Black Rhythm Happening: A Roundtable
October 30 @ 3:30 pm - 5:00 pm
Virtual event: Once the event starts you can view the live video below or on our YouTube channel.
Join us for a roundtable discussion, “Black Rhythm Happening,” with Michael Gillespie (City College of New York), Ashley Clark (Film Programmer at Brooklyn Academy of Music), Lauren Cramer (University of Toronto), and Yasmina Price (Phd candidate at Yale). As a critical mass, this is a gathering of scholars devoted to thinking about blackness and cinema. The collective work concentrates on the aesthetic, historiographic, and political capacities of the idea of black film. With an emphasis on the formal and the cultural, the work of the group will entail brief presentations followed by a group discussion. Together the roundtable will consider the nuances and complexities of black film with attention to the past, present, and future.
Please note: Closed captioning will be provided by YouTube within 24 hours after the event has concluded.
About the Speakers
Ashley Clark is the director of film programming at the Brooklyn Academy of Music. He has curated film series at BFI Southbank, the Museum of Modern Art, TIFF Bell Lightbox, and the Smithsonian National Museum of African American History & Culture, and among other venues. His writing has appeared in Film Comment, Sight & Sound, and The Guardian. He is author of Facing Blackness: Media and Minstrelsy in Spike Lee’s “Bamboozled” (2015).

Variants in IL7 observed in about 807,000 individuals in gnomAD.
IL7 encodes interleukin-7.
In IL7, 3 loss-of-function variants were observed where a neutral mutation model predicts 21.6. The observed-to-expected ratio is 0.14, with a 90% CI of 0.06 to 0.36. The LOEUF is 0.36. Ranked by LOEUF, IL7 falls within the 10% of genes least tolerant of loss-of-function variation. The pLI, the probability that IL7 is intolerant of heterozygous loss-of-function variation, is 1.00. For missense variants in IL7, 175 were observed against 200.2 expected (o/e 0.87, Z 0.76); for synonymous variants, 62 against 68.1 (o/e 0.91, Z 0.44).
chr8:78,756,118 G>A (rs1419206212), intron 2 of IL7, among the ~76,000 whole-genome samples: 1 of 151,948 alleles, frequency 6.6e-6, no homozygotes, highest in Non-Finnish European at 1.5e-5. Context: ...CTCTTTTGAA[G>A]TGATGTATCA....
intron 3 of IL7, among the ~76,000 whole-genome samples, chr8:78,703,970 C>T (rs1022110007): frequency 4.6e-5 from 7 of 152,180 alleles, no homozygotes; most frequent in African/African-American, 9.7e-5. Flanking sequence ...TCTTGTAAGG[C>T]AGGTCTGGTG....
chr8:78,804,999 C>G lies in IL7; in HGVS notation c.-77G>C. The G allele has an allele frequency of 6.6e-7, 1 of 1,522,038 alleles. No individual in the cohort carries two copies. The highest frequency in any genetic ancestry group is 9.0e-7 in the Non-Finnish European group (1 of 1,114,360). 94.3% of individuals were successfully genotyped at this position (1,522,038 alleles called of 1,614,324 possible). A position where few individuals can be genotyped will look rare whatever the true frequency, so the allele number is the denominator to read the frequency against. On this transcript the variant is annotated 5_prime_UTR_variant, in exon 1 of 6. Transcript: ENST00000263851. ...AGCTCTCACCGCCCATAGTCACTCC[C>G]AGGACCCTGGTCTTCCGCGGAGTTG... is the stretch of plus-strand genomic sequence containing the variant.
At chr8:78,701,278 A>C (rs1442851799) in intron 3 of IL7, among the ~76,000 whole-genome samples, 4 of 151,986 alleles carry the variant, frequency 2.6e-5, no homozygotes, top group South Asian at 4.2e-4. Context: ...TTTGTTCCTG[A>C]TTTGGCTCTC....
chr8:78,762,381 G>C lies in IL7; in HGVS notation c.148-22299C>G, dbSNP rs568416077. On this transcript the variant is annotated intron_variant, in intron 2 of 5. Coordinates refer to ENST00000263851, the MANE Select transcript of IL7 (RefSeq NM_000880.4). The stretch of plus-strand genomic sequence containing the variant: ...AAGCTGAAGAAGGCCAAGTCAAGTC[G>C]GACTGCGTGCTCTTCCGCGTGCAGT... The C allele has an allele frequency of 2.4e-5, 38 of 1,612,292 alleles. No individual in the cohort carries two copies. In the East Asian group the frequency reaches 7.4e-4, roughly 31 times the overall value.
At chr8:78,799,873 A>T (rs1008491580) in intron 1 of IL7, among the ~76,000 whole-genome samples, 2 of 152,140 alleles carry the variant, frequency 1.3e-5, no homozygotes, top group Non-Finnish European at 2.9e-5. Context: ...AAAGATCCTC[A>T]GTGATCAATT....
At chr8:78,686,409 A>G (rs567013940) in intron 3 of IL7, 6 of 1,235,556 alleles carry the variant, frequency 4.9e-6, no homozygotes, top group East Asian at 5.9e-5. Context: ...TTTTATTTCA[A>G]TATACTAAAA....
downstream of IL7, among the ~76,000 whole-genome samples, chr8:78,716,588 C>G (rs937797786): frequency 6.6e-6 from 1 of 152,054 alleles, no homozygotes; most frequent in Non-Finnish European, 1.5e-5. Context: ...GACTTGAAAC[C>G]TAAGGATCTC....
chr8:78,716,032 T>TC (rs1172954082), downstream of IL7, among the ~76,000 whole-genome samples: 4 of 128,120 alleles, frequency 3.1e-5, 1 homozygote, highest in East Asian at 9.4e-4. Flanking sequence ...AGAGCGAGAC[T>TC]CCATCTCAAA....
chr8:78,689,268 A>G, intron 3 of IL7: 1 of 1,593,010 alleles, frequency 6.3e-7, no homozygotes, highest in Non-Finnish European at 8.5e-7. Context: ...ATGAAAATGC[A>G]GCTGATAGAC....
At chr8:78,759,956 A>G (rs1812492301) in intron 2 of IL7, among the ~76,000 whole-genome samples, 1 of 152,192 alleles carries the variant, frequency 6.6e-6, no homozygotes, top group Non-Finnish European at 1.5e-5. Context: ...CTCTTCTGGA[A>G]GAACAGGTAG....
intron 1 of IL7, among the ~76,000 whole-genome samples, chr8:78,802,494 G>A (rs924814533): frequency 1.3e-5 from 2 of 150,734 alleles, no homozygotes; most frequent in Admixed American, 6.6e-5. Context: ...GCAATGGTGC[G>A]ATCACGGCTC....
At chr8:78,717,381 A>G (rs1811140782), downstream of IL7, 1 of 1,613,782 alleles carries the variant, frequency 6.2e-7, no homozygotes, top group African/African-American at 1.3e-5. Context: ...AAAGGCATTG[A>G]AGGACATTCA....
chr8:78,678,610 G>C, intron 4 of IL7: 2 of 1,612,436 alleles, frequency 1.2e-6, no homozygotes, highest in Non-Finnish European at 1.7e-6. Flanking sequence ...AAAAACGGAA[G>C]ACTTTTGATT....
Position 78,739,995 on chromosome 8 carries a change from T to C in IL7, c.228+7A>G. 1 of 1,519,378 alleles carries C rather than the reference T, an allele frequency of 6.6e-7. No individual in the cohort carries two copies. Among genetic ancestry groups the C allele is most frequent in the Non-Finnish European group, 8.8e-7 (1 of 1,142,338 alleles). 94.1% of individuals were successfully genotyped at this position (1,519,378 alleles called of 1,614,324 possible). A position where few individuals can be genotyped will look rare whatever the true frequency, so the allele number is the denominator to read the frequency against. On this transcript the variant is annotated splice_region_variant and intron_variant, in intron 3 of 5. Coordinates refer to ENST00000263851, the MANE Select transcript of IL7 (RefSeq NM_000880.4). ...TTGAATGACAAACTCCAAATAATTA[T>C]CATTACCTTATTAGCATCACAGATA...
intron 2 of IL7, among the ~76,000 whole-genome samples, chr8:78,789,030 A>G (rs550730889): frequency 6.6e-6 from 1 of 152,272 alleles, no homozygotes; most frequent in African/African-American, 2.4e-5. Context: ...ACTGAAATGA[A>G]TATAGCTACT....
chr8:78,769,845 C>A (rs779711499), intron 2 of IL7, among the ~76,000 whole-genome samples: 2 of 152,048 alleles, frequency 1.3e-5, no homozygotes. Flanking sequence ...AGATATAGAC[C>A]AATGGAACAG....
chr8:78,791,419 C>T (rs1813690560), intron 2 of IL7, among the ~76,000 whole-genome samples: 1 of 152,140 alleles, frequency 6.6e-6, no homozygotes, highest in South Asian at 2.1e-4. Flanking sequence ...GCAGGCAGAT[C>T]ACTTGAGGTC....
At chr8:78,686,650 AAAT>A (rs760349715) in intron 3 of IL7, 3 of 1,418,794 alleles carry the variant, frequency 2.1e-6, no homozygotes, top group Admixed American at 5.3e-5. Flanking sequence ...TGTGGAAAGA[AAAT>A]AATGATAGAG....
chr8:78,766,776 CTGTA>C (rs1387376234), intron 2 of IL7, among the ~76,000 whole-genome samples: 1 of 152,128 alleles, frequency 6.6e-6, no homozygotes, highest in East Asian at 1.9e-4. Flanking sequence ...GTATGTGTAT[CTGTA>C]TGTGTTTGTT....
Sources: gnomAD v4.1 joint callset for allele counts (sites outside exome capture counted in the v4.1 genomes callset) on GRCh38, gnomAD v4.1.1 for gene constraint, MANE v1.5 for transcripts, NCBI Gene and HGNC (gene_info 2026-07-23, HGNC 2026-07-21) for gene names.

Lauren McLeod Cramer is an Assistant Professor in the Cinema Studies Institute at the University of Toronto. She is a founding member of liquid blackness, a research project focused on blackness and aesthetics, and is the co-Editor-in-Chief of liquid blackness: journal of aesthetics and black studies. Her writing has appeared in The Journal of Cinema and Media Studies, The Black Scholar, Black Camera, Film Criticism, liquid blackness, and InMediaRes.
Yasmina Price is a writer, researcher, and PhD student in the Departments of African American Studies and Film/Media Studies at Yale University. She focuses on anti-colonial African cinema and the work of visual artists across the Black diaspora, with a particular interest in the experimental work of women filmmakers. Recent work has appeared in New York Review of Books, The New Inquiry, and Social Text Online.
Michael Boyce Gillespie is author of Film Blackness: American Cinema and the Idea of Black Film (Duke University Press, 2016) and co-editor with Lisa Uddin of Black One Shot, a black art criticism series on ASAP/J.